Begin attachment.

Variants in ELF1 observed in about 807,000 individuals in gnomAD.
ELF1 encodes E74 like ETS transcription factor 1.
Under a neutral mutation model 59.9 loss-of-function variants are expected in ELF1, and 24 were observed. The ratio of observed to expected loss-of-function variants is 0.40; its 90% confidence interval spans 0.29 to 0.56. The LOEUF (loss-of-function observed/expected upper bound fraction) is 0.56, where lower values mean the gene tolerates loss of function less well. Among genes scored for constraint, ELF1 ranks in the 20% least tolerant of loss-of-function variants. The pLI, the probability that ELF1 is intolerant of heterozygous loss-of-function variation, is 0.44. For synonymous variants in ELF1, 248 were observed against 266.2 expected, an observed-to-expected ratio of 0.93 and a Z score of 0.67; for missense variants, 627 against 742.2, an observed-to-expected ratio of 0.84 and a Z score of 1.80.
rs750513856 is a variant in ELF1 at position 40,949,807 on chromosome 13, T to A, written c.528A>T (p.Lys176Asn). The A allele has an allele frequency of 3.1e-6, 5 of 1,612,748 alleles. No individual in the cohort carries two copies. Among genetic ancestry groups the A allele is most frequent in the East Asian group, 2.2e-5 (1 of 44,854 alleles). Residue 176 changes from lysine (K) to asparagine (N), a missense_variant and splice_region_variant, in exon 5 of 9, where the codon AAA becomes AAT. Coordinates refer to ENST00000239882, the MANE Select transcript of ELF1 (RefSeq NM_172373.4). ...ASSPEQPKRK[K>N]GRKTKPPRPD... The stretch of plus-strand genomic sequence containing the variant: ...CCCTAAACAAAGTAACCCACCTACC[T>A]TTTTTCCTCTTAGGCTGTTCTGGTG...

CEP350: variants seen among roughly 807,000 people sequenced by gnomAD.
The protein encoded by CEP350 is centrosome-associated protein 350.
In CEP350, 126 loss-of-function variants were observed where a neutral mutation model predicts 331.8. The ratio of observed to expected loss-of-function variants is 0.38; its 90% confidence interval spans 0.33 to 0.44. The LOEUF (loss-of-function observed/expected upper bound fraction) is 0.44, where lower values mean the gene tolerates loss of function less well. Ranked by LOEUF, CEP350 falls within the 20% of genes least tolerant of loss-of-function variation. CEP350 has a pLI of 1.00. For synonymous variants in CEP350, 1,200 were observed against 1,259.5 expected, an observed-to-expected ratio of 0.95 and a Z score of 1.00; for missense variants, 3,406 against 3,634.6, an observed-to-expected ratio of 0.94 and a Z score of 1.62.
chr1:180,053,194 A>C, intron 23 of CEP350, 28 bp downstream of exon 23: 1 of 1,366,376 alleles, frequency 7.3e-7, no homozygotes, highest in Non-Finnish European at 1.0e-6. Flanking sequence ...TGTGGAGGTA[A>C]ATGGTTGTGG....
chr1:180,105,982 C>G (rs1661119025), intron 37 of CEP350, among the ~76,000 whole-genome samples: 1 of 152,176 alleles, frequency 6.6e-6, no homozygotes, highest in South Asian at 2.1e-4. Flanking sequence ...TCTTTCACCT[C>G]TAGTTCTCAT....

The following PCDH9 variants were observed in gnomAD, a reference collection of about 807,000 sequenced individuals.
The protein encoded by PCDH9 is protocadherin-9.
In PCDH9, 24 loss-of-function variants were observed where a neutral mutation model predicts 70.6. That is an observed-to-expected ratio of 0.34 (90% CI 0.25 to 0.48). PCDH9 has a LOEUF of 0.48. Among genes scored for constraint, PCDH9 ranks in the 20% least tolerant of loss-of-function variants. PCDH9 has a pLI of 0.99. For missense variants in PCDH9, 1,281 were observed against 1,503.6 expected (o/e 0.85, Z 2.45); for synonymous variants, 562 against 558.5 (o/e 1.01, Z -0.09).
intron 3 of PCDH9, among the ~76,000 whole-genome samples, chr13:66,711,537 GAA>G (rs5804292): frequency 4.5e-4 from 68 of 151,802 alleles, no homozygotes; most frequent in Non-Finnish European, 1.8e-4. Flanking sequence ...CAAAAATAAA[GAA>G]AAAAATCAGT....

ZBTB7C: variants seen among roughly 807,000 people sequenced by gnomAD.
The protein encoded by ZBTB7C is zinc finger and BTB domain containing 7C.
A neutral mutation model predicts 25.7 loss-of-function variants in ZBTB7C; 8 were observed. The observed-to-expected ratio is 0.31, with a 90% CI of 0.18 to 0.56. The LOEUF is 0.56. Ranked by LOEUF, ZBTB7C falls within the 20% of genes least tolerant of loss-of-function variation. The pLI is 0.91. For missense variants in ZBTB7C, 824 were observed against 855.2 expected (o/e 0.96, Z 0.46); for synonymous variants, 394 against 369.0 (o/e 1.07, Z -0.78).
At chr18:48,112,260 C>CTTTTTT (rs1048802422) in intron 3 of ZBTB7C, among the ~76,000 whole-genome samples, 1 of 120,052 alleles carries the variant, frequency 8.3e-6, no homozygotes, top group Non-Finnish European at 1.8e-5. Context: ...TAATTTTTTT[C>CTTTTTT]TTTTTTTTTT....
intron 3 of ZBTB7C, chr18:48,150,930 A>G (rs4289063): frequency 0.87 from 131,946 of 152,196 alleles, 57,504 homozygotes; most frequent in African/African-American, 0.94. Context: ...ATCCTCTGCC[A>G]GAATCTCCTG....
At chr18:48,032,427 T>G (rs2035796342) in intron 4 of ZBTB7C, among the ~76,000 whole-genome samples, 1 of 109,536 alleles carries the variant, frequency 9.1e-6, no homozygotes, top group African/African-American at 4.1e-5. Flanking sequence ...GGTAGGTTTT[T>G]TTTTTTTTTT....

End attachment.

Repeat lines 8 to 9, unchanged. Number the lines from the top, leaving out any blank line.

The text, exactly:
chr1:180,053,194 A>C, intron 23 of CEP350, 28 bp downstream of exon 23: 1 of 1,366,376 alleles, frequency 7.3e-7, no homozygotes, highest in Non-Finnish European at 1.0e-6. Flanking sequence ...TGTGGAGGTA[A>C]ATGGTTGTGG....
chr1:180,105,982 C>G (rs1661119025), intron 37 of CEP350, among the ~76,000 whole-genome samples: 1 of 152,176 alleles, frequency 6.6e-6, no homozygotes, highest in South Asian at 2.1e-4. Flanking sequence ...TCTTTCACCT[C>G]TAGTTCTCAT....